In Praise of Pedro Strop

On July 2, 2013, the Cubs made one of the best trades in team history when they got Jake Arrieta from the Baltimore Orioles for Scott Feldman and Steve Clevenger. As we remember, Arrieta had a run of dominance unlike any we’ve ever seen from a Cubs pitcher and was a key player in helping to break The Curse.

But the Cubs also got another pitcher in that trade: Pedro Strop. Strop hasn’t received the headlines that Arrieta has, yet his role on the team over the past few years should be unquestioned. And while Arrieta is now gone, Strop remains – and he continues to get the job done.

It seems that the only time Strop receives any headlines is when he has the rare bad outing and short-sighted fans are calling for the team to get rid of him. And that’s a shame. Years from now, when we look back on this run of Cubs greatness, we’ll remember Arrieta. We’ll remember all the great moments of Rizzo and Bryant and Schwarber and Lester and even Chapman. But will we remember Strop?

Well, we should. He’s currently the second longest-tenured Cub (trailing only Anthony Rizzo in service time) and has been remarkably consistent since joining the team in 2013. Check out these ERA totals over the past six years: 2.83, 2.21, 2.91, 2.85, 2.83, 2.68. And since appearing in 37 games in half a season in 2013, he’s appeared in over 50 games each year since (except this year, though he’s appeared in 48 games, on pace to fly past 50). This includes 2016, when he missed much of the second half due to injury.

In an era when players come and go so frequently – especially in the bullpen, the most unstable part of any team – Strop has been a mainstay, through the lean years all the way up until now. And that’s why I’m happy that, at 33 years old, he’s finally getting a chance to be the team’s closer. With Brandon Morrow on the disabled list, Strop has finally earned a promotion – temporary though it may be – from his critical 7th or 8th inning role into the team’s last line of defense in the 9th.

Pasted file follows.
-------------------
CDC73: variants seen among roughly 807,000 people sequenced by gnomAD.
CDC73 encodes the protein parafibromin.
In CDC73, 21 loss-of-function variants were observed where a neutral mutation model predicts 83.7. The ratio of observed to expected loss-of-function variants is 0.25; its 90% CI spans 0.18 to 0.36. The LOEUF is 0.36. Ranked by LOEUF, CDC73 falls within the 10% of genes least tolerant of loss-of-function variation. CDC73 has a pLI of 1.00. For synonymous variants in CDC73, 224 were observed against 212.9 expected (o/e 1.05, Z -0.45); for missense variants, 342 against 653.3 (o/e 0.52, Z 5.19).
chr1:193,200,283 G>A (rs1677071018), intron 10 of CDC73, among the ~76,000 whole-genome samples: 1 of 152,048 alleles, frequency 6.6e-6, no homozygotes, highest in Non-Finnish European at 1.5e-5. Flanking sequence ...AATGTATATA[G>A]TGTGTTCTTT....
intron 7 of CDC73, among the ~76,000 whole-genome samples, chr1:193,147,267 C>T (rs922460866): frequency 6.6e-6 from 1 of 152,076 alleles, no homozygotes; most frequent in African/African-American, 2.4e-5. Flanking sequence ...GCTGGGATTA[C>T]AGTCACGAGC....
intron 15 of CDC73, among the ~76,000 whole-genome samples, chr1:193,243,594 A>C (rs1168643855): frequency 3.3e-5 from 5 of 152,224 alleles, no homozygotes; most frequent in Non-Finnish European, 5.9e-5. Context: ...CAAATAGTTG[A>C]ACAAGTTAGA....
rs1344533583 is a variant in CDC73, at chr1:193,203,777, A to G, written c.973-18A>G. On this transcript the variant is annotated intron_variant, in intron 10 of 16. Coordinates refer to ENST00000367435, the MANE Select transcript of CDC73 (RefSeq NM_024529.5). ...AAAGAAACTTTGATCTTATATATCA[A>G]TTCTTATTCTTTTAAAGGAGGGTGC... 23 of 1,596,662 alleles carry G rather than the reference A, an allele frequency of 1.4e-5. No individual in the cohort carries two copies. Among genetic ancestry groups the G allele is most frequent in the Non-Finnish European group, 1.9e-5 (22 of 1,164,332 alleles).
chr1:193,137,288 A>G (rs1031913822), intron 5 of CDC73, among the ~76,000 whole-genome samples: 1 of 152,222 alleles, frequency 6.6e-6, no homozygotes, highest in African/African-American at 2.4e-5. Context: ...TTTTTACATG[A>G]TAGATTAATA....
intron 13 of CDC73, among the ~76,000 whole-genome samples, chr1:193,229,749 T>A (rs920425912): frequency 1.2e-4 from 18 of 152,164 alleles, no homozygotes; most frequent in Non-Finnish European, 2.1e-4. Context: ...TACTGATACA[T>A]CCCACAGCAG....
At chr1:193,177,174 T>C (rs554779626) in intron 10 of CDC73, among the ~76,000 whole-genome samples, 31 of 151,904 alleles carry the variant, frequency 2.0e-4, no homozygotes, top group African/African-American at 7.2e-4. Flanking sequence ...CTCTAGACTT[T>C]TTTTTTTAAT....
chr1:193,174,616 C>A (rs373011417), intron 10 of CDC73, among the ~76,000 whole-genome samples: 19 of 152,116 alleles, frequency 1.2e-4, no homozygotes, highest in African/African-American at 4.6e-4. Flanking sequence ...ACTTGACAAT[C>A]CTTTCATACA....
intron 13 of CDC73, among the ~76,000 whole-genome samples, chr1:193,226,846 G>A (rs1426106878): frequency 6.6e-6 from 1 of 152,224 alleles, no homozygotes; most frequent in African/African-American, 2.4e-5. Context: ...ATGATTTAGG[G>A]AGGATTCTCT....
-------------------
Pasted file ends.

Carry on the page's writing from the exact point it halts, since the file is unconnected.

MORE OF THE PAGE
And he’s been getting the job done, earning his ninth save in a tight one-run victory over Washington on Friday afternoon at Wrigley Field. It could have unraveled when Strop dropped what would have been the final out while covering first base, but he quickly recovered to strike out Trea Turner to end the game.

It’s the latest example of how the pressure of the big moment doesn’t seem to get to him. We know Strop for wearing his hat crooked and his quick pitches, but the results speak for themselves. As important has Strop has been to the team’s success in recent years, here in 2018, he may be more important than ever. And he’s coming through in a big way.

As I look back over the past several years, I’m disappointed that Pedro Strop hasn’t received more credit. It’s too bad that injuries prevented him from taking on a bigger role during the 2016 postseason and cementing his legacy in Cubs history even more, but other than that he’s been one of the team’s most reliable players throughout this entire run. Let’s give this guy some credit already.

Brian Johnston is the author of the book The Art of Being a Baseball Fan, his story of following the 2015 Chicago Cubs, available on Amazon. He lives in St. Joseph, Michigan with his wife and two children.